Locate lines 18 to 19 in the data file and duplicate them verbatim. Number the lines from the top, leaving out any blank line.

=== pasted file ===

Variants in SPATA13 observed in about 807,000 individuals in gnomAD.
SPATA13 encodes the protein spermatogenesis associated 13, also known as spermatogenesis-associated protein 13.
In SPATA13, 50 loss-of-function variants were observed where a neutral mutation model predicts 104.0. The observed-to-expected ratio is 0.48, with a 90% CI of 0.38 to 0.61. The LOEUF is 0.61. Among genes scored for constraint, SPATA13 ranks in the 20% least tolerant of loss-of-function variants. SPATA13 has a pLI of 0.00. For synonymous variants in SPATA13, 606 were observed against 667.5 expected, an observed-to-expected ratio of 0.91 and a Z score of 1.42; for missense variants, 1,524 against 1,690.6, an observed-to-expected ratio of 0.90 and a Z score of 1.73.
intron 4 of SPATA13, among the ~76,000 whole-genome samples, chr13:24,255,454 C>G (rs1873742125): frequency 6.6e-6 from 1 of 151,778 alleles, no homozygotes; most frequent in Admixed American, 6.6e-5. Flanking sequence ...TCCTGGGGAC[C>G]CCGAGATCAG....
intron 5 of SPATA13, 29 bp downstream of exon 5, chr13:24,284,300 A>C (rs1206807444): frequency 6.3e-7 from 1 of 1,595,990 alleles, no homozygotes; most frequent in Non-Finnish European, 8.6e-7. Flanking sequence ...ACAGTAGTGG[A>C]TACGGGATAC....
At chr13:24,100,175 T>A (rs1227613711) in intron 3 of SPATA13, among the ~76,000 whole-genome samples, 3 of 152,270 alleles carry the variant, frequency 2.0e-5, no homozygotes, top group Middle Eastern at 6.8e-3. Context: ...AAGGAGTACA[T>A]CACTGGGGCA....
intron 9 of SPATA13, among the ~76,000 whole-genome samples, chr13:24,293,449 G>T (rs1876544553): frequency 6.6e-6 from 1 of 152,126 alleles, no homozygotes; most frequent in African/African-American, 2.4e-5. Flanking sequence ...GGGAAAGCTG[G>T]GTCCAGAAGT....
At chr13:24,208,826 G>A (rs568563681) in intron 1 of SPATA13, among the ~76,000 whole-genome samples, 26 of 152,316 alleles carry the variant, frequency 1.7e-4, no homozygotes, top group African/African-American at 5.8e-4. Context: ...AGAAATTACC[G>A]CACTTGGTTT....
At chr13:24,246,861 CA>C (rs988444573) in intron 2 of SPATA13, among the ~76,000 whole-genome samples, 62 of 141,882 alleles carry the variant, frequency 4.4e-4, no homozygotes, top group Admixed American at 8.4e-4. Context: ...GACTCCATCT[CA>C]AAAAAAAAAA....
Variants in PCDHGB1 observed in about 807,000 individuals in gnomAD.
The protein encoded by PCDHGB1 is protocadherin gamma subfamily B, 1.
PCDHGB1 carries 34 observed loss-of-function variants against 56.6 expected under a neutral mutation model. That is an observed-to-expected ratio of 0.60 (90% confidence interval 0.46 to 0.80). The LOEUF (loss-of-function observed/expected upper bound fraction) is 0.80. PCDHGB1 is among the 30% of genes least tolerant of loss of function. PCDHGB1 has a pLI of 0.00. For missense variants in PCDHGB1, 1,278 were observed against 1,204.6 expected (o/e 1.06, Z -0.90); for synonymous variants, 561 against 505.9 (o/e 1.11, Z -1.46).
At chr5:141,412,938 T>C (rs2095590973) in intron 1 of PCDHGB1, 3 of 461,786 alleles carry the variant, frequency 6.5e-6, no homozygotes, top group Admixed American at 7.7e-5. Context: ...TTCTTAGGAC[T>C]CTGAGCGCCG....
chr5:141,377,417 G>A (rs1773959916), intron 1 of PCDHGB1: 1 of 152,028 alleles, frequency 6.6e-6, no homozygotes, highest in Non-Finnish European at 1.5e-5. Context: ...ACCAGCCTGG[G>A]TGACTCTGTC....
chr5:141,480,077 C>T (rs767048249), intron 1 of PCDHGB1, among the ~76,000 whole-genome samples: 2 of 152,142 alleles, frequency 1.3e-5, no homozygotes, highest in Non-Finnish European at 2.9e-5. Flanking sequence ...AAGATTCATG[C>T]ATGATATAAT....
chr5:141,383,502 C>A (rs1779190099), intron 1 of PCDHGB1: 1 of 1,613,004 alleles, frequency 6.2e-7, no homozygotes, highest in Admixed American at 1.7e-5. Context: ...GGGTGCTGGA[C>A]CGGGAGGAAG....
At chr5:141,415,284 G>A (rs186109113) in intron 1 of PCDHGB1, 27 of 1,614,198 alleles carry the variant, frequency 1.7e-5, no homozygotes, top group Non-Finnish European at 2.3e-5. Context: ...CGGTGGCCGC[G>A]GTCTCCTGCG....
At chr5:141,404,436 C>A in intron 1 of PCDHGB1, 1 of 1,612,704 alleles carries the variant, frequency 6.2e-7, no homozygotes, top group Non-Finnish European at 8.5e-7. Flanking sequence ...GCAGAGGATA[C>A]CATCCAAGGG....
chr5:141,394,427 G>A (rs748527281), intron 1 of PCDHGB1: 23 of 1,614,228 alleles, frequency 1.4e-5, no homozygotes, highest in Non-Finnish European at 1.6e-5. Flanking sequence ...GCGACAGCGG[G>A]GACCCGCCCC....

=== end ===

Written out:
At chr5:141,404,436 C>A in intron 1 of PCDHGB1, 1 of 1,612,704 alleles carries the variant, frequency 6.2e-7, no homozygotes, top group Non-Finnish European at 8.5e-7. Flanking sequence ...GCAGAGGATA[C>A]CATCCAAGGG....
chr5:141,394,427 G>A (rs748527281), intron 1 of PCDHGB1: 23 of 1,614,228 alleles, frequency 1.4e-5, no homozygotes, highest in Non-Finnish European at 1.6e-5. Flanking sequence ...GCGACAGCGG[G>A]GACCCGCCCC....